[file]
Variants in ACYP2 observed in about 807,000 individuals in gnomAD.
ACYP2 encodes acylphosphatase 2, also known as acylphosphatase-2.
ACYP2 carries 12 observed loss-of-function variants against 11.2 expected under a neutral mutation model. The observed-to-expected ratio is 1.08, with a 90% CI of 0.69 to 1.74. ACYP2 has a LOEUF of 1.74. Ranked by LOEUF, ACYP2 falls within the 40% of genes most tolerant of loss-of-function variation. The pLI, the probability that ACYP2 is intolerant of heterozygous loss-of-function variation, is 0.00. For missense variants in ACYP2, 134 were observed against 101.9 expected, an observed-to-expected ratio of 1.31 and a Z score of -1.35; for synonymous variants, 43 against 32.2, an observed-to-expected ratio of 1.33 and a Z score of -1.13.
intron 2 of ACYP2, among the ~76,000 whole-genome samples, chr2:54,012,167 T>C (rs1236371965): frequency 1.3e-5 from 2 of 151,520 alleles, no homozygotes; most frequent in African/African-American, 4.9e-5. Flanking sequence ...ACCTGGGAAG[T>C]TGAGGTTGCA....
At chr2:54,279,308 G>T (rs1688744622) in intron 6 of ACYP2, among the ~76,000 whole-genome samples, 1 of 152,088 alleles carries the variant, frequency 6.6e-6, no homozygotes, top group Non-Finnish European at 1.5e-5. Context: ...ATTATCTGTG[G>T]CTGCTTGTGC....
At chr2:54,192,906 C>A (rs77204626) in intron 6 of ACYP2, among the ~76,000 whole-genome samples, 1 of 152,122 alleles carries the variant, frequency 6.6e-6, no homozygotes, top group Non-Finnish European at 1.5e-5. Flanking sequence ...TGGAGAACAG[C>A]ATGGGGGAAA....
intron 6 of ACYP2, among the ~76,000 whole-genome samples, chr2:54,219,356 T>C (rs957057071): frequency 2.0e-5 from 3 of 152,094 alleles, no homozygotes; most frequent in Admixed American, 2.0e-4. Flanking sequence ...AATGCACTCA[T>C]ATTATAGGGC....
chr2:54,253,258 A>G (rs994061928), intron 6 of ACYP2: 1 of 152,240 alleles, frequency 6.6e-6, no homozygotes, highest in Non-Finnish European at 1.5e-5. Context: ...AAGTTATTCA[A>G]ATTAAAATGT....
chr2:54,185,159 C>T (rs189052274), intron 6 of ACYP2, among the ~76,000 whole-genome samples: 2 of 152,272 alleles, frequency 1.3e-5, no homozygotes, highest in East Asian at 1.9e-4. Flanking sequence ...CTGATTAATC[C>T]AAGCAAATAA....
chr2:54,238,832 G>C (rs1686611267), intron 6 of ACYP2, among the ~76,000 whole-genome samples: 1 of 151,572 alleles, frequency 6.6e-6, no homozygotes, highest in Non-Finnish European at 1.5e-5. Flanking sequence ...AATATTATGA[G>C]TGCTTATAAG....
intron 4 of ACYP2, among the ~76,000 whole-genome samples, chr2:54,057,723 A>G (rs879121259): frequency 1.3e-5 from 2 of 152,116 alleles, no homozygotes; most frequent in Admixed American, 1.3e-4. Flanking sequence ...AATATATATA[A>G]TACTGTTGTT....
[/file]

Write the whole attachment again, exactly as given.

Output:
Variants in ACYP2 observed in about 807,000 individuals in gnomAD.
ACYP2 encodes acylphosphatase 2, also known as acylphosphatase-2.
ACYP2 carries 12 observed loss-of-function variants against 11.2 expected under a neutral mutation model. The observed-to-expected ratio is 1.08, with a 90% CI of 0.69 to 1.74. ACYP2 has a LOEUF of 1.74. Ranked by LOEUF, ACYP2 falls within the 40% of genes most tolerant of loss-of-function variation. The pLI, the probability that ACYP2 is intolerant of heterozygous loss-of-function variation, is 0.00. For missense variants in ACYP2, 134 were observed against 101.9 expected, an observed-to-expected ratio of 1.31 and a Z score of -1.35; for synonymous variants, 43 against 32.2, an observed-to-expected ratio of 1.33 and a Z score of -1.13.
intron 2 of ACYP2, among the ~76,000 whole-genome samples, chr2:54,012,167 T>C (rs1236371965): frequency 1.3e-5 from 2 of 151,520 alleles, no homozygotes; most frequent in African/African-American, 4.9e-5. Flanking sequence ...ACCTGGGAAG[T>C]TGAGGTTGCA....
At chr2:54,279,308 G>T (rs1688744622) in intron 6 of ACYP2, among the ~76,000 whole-genome samples, 1 of 152,088 alleles carries the variant, frequency 6.6e-6, no homozygotes, top group Non-Finnish European at 1.5e-5. Context: ...ATTATCTGTG[G>T]CTGCTTGTGC....
At chr2:54,192,906 C>A (rs77204626) in intron 6 of ACYP2, among the ~76,000 whole-genome samples, 1 of 152,122 alleles carries the variant, frequency 6.6e-6, no homozygotes, top group Non-Finnish European at 1.5e-5. Flanking sequence ...TGGAGAACAG[C>A]ATGGGGGAAA....
intron 6 of ACYP2, among the ~76,000 whole-genome samples, chr2:54,219,356 T>C (rs957057071): frequency 2.0e-5 from 3 of 152,094 alleles, no homozygotes; most frequent in Admixed American, 2.0e-4. Flanking sequence ...AATGCACTCA[T>C]ATTATAGGGC....
chr2:54,253,258 A>G (rs994061928), intron 6 of ACYP2: 1 of 152,240 alleles, frequency 6.6e-6, no homozygotes, highest in Non-Finnish European at 1.5e-5. Context: ...AAGTTATTCA[A>G]ATTAAAATGT....
chr2:54,185,159 C>T (rs189052274), intron 6 of ACYP2, among the ~76,000 whole-genome samples: 2 of 152,272 alleles, frequency 1.3e-5, no homozygotes, highest in East Asian at 1.9e-4. Flanking sequence ...CTGATTAATC[C>T]AAGCAAATAA....
chr2:54,238,832 G>C (rs1686611267), intron 6 of ACYP2, among the ~76,000 whole-genome samples: 1 of 151,572 alleles, frequency 6.6e-6, no homozygotes, highest in Non-Finnish European at 1.5e-5. Flanking sequence ...AATATTATGA[G>C]TGCTTATAAG....
intron 4 of ACYP2, among the ~76,000 whole-genome samples, chr2:54,057,723 A>G (rs879121259): frequency 1.3e-5 from 2 of 152,116 alleles, no homozygotes; most frequent in Admixed American, 1.3e-4. Flanking sequence ...AATATATATA[A>G]TACTGTTGTT....